There’s no line between machines and tools. Today we may refer to our machine device (say a computer) as an information gathering tool. To this extent, we’re not the only species who uses objects to manipulate things. Here is a wonderful video of a crow using intelligence and tools to manipulate objects. Beware calling people bird brains! Birds are very, very clever.
And like crows, humans sused sticks – for basic things then the stylus or pen came along and they started inscribing characters on tablets (not the iPad ones!), from which came our alphabet and the written word. Sticks were spears. Sticks became logs, planks, material for houses, boats, machines. Here are some Roman war machines:
The film The Matrix suggests that we all live in a universe which is part of a machine, a computer-like program…
Quite a thought! And maybe not so ridiculous according to some scientists:
A popular argument for the simulation hypothesis came from University of Oxford philosopher Nick Bostrum in 2003, when he suggested that members of an advanced civilization with enormous computing power might decide to run simulations of their ancestors. They would probably have the ability to run many, many such simulations, to the point where the vast majority of minds would actually be artificial ones within such simulations, rather than the original ancestral minds. So simple statistics suggest it is much more likely that we are among the simulated minds.
(Read the article here). Not that it would make much difference to us. We may be very primitive life forms but in the simulation we’d go on behaving as if we aren’t.
Machine technologies can change the world immensely. The invention of steam powered machines, the Industrial Revolution, petrol engines, aeroplanes, rockets. Computers. The biggest revolutionary machine before computers was the printing press. Here’s William Caxton showing off his machine:
The spread of books and pamphlets spread knowledge, ideas and revolution. Literacy brought learning to the humblest person who had access to the printed word. There are many examples of authorities trying to limit the printed word’s circulation. Some ruling classes and governments thought it would breed revolution and disturbance – the peasants would be ‘getting above themselves’ as it were, or ‘not knowing their place’ (which was to remain ignorant). Yet without the printing machines very few of us would have received an education. There is a vast history about the power of literacy and how it was resisted or encouraged, of literacy’s role in the spread of democracy and, potentially, a decent education for everybody. It’s a huge subject on its own and full of historical controversy. (One of the most intense controversies arose around the birth of Protestant Christianity which encouraged each person to read the Bible for themselves – something the established Church saw as a great heresy for they believed the Bible should be read only by priests to people, and this was the will of God.)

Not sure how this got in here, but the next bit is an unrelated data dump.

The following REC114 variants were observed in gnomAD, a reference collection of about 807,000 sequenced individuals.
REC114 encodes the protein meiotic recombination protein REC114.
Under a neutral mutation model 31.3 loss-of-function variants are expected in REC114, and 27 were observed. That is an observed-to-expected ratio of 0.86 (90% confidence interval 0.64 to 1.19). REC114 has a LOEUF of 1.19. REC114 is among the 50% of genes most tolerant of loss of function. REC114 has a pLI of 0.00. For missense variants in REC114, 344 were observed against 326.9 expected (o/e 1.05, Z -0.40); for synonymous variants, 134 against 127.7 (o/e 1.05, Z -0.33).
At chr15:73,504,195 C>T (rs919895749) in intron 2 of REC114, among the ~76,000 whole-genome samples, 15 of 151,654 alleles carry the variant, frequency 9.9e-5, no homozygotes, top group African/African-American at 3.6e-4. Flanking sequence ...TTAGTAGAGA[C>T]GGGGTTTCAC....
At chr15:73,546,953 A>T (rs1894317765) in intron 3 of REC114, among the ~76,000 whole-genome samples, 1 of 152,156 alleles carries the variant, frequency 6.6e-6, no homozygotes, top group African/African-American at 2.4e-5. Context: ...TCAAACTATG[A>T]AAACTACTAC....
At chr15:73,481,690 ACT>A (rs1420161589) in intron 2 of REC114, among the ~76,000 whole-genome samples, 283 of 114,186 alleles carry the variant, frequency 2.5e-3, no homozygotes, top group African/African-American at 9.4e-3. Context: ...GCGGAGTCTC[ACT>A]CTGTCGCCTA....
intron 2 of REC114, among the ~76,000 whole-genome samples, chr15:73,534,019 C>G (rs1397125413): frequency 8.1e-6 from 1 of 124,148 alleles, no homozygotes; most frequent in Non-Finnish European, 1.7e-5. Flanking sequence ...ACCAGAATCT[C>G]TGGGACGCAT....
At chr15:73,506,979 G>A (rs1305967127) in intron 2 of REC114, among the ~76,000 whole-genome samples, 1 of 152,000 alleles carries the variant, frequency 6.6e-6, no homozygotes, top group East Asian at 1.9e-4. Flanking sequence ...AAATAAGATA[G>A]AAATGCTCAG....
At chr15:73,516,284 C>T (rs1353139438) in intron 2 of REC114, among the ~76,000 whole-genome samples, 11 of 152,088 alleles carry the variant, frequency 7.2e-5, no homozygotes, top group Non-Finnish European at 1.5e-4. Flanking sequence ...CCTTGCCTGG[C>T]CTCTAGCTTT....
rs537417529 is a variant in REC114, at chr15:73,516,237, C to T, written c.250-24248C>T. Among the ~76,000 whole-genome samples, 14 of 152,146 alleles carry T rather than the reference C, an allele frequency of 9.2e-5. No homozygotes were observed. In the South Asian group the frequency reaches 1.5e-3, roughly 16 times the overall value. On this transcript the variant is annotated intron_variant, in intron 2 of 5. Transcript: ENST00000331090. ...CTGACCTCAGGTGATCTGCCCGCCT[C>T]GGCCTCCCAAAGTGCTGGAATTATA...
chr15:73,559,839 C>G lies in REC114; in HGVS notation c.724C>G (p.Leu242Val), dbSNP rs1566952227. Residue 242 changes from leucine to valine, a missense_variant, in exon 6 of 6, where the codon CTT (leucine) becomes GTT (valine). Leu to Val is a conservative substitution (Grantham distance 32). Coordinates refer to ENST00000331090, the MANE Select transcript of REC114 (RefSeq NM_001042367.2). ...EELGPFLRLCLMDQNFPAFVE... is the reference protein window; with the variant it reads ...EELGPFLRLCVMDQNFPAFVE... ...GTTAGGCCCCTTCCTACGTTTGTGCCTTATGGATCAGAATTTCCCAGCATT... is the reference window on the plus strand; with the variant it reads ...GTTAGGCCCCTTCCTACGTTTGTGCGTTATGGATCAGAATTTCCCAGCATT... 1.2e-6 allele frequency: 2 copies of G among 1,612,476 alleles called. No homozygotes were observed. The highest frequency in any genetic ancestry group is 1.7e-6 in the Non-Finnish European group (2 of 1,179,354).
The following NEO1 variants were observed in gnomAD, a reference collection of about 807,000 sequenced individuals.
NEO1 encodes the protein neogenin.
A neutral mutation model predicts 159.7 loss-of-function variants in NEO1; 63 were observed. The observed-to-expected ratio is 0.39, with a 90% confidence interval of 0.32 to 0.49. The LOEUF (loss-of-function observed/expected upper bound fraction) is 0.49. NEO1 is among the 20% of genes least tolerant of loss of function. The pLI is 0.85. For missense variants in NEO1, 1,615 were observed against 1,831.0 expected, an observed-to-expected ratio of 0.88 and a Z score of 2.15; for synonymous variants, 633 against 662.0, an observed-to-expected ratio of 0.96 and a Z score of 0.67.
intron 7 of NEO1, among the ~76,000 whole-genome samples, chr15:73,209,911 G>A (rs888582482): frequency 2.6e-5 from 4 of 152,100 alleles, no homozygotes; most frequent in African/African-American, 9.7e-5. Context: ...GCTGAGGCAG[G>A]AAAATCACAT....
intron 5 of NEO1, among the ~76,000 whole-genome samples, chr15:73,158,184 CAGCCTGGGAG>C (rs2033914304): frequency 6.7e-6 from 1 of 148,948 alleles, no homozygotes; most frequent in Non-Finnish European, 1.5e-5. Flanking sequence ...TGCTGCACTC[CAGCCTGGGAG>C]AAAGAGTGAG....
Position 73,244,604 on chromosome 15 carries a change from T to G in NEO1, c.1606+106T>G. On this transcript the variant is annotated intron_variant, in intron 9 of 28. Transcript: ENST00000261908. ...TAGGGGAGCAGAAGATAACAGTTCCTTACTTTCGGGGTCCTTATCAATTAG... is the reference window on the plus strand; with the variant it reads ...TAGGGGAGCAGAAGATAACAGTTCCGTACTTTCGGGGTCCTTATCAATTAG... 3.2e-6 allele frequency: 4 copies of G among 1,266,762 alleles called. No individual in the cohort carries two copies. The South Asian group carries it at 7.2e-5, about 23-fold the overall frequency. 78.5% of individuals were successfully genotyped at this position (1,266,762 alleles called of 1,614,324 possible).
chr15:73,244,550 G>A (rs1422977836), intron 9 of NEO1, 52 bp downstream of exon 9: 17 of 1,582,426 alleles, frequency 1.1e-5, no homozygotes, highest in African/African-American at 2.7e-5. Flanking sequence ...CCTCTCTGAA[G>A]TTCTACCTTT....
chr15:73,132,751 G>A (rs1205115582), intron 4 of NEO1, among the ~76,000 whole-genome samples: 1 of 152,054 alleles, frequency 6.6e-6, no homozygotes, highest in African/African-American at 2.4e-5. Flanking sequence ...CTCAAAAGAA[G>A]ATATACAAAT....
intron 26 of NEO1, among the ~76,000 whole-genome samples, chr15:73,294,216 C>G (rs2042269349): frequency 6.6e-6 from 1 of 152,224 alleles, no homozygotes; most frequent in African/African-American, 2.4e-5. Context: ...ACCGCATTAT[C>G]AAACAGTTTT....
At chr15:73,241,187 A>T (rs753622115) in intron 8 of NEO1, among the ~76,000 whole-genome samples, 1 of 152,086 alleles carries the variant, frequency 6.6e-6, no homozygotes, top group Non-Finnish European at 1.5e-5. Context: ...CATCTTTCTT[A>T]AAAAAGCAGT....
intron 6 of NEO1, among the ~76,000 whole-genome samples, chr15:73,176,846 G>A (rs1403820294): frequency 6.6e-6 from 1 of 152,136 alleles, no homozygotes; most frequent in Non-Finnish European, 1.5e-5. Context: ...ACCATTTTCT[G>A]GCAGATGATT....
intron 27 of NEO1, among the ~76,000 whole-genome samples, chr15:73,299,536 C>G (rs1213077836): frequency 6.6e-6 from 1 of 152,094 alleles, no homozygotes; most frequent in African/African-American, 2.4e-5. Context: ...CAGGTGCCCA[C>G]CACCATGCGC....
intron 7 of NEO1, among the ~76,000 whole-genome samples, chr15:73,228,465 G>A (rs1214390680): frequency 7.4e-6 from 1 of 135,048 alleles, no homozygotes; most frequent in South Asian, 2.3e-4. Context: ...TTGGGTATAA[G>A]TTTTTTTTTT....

These days books are as popular as ever, but many people don’t read much at all unless it’s from a digital device. Some express a worry that young people will lose the book reading habit. Some think that the modern world is so fast and frenetic that it’s changing the way we think. On the other hand, optimists point out that we are progressing and developing as a society (provided, of course, we live in the rich western world), and that pessimists are just uhappy with change.
Pessimism about the impact of machines on humanity is not new. Mary Shelley’s Frankenstein can be read as an early warning about how new technologies could badly affect humanity. In an extreme form, fear of technology and machines is called technophobia and there are various strands in culture which oppose new technologies.
The fear of being ‘taken over’by robots or other machines is exploited in science fiction. There’s a more immediate fear of old fashioned machines, such as when we express we feel just like ‘a cog in a machine’. Here is Charlie Chaplin in the 1936 classic Modern Times: